Chicago Opera Review: COSÌ FAN TUTTE (Lyric Opera)

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by Barnaby Hughes on February 20, 2018

in Music,Theater-Chicago


A Lyric Opera season would not be complete without Mozart, so it was with great anticipation that I attended the opening night performance of Così Fan Tutte. Although this production is not new to Chicago, having been seen during the 2006-07 season, it remains fairly fresh due to its colorful seaside setting. Mozart’s magical music remains timeless, of course, especially when performed by a cast as multi-talented as this one. All of the faces will be familiar to Lyric subscribers — some more than others — except for that of Russian soprano Elena Tsallagova, making her U.S. debut. American conductor James Gaffigan also makes his Lyric debut.

Così Fan Tutte, ossia La Scuola degli amanti – to give the play it’s full title – roughly translates as “Thus Are All Women, or The School of Lovers.” Finished and first performed in 1790, it is one of Mozart’s best-loved comic operas. Utilizing a libretto by Lorenzo da Ponte, with whom Mozart also collaborated on Don Giovanni and The Marriage of Figaro, the opera pokes fun at the fickleness of women. The main protagonists are two soldiers, Ferrando and Guglielmo, and the sisters, Dorabella and Fiordiligi, to whom they are betrothed. Their friend Don Alfonso, who calls into question the fidelity of the soldiers’ fiancées, sets events in motion by making a bet. Ferrando and Guglielmo must pretend to go off to war, while disguising themselves as “Albanians” and seducing the sisters. Don Alfonso is aided in his scheme by the sisters’ maidservant Despina.

Will the sisters stay true to their lovers? Who will win the bet? The answers to these questions are not readily apparent, since the opera’s ending is ambiguous, allowing directors some creative license. Fortunately, much of the work’s misogyny is downplayed in this production, making Così Fan Tutte less a battle of the sexes than an engaging exploration of love and fidelity in uncertain and tumultuous times.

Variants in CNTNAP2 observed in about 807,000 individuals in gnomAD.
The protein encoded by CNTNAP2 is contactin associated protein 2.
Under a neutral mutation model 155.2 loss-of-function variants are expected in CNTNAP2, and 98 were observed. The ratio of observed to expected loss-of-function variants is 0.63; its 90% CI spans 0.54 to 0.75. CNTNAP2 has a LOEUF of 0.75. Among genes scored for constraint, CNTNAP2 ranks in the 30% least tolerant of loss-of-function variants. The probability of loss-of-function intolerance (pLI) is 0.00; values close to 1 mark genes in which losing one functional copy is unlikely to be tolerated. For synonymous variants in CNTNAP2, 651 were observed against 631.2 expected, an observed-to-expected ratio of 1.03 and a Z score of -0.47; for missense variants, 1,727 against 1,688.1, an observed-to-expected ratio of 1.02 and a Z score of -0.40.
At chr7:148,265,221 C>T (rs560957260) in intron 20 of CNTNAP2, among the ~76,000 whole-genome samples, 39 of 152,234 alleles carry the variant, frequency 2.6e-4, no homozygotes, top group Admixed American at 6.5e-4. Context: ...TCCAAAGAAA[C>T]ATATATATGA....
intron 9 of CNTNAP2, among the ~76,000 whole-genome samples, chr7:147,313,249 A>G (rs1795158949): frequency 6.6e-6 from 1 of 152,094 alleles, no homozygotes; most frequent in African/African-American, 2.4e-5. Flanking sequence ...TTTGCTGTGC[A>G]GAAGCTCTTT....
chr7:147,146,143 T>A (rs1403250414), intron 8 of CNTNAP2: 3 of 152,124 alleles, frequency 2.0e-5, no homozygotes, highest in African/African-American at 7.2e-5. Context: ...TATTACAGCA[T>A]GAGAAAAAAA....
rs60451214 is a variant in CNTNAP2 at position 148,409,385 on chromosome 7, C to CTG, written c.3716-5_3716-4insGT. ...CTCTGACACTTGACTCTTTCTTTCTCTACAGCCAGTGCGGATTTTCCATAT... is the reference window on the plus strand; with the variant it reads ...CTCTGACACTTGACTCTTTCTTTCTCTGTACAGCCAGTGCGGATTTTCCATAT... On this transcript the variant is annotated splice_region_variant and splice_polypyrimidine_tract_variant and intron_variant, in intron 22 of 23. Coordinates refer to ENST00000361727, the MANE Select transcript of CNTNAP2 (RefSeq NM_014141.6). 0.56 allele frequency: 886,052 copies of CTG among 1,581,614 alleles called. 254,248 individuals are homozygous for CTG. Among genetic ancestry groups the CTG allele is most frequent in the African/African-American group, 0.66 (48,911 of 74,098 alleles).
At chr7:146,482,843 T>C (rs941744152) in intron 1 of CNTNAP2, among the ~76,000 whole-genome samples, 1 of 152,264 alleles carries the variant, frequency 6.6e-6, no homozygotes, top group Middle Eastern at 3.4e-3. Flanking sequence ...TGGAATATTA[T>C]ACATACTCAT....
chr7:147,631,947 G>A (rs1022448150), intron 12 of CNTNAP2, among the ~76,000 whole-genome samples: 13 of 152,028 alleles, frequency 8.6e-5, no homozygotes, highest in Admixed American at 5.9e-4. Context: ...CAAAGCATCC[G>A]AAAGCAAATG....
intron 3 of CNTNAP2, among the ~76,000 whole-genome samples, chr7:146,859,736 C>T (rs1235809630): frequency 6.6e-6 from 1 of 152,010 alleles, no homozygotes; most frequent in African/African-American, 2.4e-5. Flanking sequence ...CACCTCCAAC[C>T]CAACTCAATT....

Set in 1914 at a seaside resort on the Mediterranean, the production easily resembles Monte Carlo, whose opera company was one of its original sponsors. The first scene begins in a casino, while the rest continues in the ladies’ rooms or on the expansive veranda overlooking the colorful marina. Robert Perdziola’s set designs are gorgeous and flexible, enabling quick changes of scenery. His costumes, however, are less impressive, as befits the times. Dorabella and Fiordiligi mostly wear simple cream-colored dresses or gray nursing uniforms, though there is one sexy scene when Dorabella strips down to her silky underwear.

Of the six principal roles, the most delightful to watch are Elena Tsallagova as Despina and Marianne Crebassa as Dorabella. (Crebassa’s only previous appearance at Lyric was two seasons ago as Stephano in Gounod’s Roméo et Juliette.) Both combined impeccably clear intonation and fluid phrasing with comic playfulness and exaggerated gestures.

Tenor Andrew Stenson as Ferrando might not have been as funny, but he more than made up for it with his sensitively rendered aria “Un aura amorosa.” He managed to imbue his voice with far more emotion and pathos than crowd favorite Ana María Martínez, whose performance was not one of her best. As Fiordiligi, her voice sounded thick and labored, while her acting seemed stiff and unnatural. One hopes (expects?) that her later performances will improve.

Though it does not promote modern notions of women’s equality, Così Fan Tutte does boast an equal number of male and female roles that are almost all as equally demanding. And even if it’s not one of Mozart’s best operas, it certainly showcases some of the composer’s best skills, especially for comedy and coloratura. Moreover, it is one of Lyric’s best productions so far this season, Gounod’s Faust being the only opera yet to come.

photos by Cory Weaver and Andrew Cioffi

Così fan tutte
Lyric Opera of Chicago
Civic Opera House, 20 N. Wacker Drive
ends on March 16, 2018
for tickets, call 312.827.5600 or visit Lyric Opera

for more shows, visit Theatre in Chicago

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